At any rate, eating a pound of cake, is not nuclear physics, it is chemistry, where your cells digest and utilize the sugars within. Protiens are also converted into sugar.JonM 18:28, 1 April 2012 (EDT)

Aschlafly, could you give us...

... your interpretation of the results of the experiment by Cockroft and Walton? Cockroft describes in his Nobel Lecture how the kinetic energy of the alpha-particles could be provided by diminution of mass of 0.0184 mass units. (p. 170). Please take into account that this isn't about energy in form of electromagnetic waves!

If you don't address the results of the actual experiments, all your claims are just meaningless verbiage. AugustO 10:39, 26 March 2012 (EDT)

Cockcroft (please spell his name correctly) does not even cite E=mc2 in his Nobel lecture.--Andy Schlafly 11:01, 26 March 2012 (EDT)
You don't think that it is implied by the quote that AugustO provided? --FrederickT3 11:10, 26 March 2012 (EDT)
No, I don't. E=mc2 is supposedly a general truth of universal applicability. The case for it, if true, needs to be far stronger than what is quoted above.--Andy Schlafly 11:15, 26 March 2012 (EDT)

From the lecture: It was obvious then that lithium was being disintegrated into two α-particles with a total energy release of 17.2 million volts. This energy could be provided by a diminution of mass of 0.0184 mass units.

Aschlafly, your ignorance is showing: 17.2 MeV /c² = 1.602*10-19kg m²/s² *17.2 *109/(3*108 m/s)² = 3.0616 * 10-29kg = 0.0184 amu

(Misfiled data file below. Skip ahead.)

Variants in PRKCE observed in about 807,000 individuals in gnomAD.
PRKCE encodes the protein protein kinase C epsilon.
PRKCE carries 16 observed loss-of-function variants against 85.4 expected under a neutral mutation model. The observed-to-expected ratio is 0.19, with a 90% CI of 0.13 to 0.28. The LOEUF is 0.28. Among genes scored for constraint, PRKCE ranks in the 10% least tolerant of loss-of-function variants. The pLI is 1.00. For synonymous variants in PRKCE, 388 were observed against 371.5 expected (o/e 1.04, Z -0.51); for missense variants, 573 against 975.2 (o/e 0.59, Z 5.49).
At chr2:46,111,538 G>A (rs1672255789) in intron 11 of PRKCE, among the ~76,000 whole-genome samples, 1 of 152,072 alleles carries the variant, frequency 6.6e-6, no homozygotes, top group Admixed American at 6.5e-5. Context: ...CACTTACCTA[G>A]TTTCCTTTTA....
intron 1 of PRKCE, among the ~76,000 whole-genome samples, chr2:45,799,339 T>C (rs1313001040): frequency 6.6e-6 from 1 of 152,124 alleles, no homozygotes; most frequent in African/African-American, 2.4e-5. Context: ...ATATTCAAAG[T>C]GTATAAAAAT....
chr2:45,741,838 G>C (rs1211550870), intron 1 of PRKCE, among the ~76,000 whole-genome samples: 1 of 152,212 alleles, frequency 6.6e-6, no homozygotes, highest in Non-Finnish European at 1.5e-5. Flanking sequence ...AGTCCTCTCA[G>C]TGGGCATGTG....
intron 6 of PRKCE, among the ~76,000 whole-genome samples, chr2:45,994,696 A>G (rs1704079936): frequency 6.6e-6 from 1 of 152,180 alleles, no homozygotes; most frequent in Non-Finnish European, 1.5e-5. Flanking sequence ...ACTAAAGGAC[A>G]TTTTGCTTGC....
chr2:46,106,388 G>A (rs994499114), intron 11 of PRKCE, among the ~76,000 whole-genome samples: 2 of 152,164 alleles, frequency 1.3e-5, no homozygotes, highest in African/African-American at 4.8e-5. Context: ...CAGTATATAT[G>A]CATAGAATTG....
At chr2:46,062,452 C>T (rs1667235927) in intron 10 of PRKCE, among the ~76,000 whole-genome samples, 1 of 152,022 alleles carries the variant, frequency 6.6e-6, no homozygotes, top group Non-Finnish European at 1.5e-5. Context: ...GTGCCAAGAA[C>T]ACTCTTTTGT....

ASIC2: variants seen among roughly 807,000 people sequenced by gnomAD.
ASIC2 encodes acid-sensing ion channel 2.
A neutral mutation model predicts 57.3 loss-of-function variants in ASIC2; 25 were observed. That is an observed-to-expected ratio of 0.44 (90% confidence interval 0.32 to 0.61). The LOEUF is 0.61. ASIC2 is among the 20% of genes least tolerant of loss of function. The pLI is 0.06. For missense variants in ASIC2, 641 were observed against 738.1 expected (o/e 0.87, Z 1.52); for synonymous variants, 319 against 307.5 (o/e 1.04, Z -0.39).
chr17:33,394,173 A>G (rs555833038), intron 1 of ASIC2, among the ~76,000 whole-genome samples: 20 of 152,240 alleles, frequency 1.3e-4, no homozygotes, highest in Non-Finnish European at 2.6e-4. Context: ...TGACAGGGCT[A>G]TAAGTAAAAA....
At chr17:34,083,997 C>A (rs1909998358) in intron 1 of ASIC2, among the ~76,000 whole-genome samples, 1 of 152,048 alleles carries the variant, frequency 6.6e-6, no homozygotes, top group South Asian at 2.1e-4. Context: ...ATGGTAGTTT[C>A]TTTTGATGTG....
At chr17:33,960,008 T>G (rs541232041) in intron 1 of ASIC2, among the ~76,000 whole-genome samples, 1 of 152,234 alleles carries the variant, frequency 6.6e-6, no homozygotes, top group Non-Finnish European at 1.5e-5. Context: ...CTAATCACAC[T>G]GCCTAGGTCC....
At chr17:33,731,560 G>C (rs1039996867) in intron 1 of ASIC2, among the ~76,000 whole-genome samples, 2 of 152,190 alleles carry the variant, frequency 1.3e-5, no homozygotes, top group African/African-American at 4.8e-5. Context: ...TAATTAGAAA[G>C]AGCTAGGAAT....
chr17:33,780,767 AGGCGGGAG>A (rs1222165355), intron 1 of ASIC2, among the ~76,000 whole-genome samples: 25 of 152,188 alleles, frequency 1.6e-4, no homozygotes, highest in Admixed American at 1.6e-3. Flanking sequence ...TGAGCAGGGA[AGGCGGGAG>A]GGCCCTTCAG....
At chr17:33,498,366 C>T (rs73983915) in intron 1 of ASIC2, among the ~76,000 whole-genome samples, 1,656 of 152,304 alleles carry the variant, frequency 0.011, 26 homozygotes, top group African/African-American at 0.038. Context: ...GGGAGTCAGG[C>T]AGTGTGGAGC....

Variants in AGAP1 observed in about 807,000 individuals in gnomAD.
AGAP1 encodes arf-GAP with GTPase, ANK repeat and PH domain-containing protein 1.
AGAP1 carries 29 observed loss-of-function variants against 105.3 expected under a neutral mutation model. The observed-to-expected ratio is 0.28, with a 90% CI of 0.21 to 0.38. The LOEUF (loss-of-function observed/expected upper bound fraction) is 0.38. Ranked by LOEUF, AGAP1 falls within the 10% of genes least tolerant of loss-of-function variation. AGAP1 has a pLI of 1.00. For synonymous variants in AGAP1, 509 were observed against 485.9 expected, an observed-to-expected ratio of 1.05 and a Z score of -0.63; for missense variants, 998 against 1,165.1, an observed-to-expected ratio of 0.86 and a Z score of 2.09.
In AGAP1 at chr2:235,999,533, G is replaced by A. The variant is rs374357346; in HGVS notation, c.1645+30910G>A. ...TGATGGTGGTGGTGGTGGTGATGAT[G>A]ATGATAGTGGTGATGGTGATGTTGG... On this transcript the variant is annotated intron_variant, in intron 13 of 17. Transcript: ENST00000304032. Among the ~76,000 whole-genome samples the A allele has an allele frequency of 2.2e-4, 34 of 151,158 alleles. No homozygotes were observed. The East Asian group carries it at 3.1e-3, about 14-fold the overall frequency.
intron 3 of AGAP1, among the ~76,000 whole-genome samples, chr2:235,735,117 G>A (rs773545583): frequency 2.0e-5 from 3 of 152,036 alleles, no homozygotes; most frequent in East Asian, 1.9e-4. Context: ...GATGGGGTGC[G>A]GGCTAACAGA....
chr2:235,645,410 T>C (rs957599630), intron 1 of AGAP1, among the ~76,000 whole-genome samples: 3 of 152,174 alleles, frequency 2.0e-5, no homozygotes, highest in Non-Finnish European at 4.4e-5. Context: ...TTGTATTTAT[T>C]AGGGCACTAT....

In fact as this is such a general truth of universal applicability, J. Cockroft could take it for granted that his scientifically literate audience would be able to make this calculation. AugustO 11:26, 26 March 2012 (EDT)

One question, though: We have four protons and four neutrons on the left hand side of the equation, and four protons and four neutrons on the right hand side. So why the difference in mass?
Also, forgive my ignorance, but why is the 'energy' measured in volts? Volts are not a measure of energy.--CPalmer 11:40, 26 March 2012 (EDT)
  • Bainbridge measured the mass of 7Li directly, using mass spectrometry.
  • Indeed, three protons and four neutrons weight less than a 7Li - kernel
  • Energy is measured in this cases in Electron-Volts. One electron volt is the energy of an electron which passed through a potential of 1 Volt.

AugustO 11:54, 26 March 2012 (EDT)

AugustO, please contribute something substantive instead of talking up a storm. Thanks.--James Wilson 11:56, 26 March 2012 (EDT)
James Wilson, please don't interfere in interesting and substantive discussions. Thank you! Baobab 12:12, 26 March 2012 (EDT)
"Baobab", please state what substance is coming out of this conversation. You have had a history of engaging in hefty talk. Please start contributing. I have had some great insights contributing in a few articles today and will continue to do so. Many thanks for your future contributions.--James Wilson 12:47, 26 March 2012 (EDT)
"James Wilson", AugustO is clarifying things and giving us some great insights, as CPalmer's latest reply shows. Discussions will often lead to better articles, which is why your interference was totally uncalled for. I guess your only motive was to defend Mr. Schlafly, but he can take care of himself and really doesn't need your help. Regards, Baobab 13:30, 26 March 2012 (EDT)
Thanks, AugustO. Relativity or no relativity, I am learning a lot from this discussion.--CPalmer 12:00, 26 March 2012 (EDT)
You are posing excellent questions! Indeed it should be of interest for Aschlafly, too:
Aschlafly, two protons (1.0073amu) and two neutrons (1.0087amu) have a combined mass of 4.0320 amu. An alpha-particle - existing from two protons and two neutrons - has a mass of 4.0015 amu. How do you explain this diminution of mass?
AugustO 13:42, 26 March 2012 (EDT)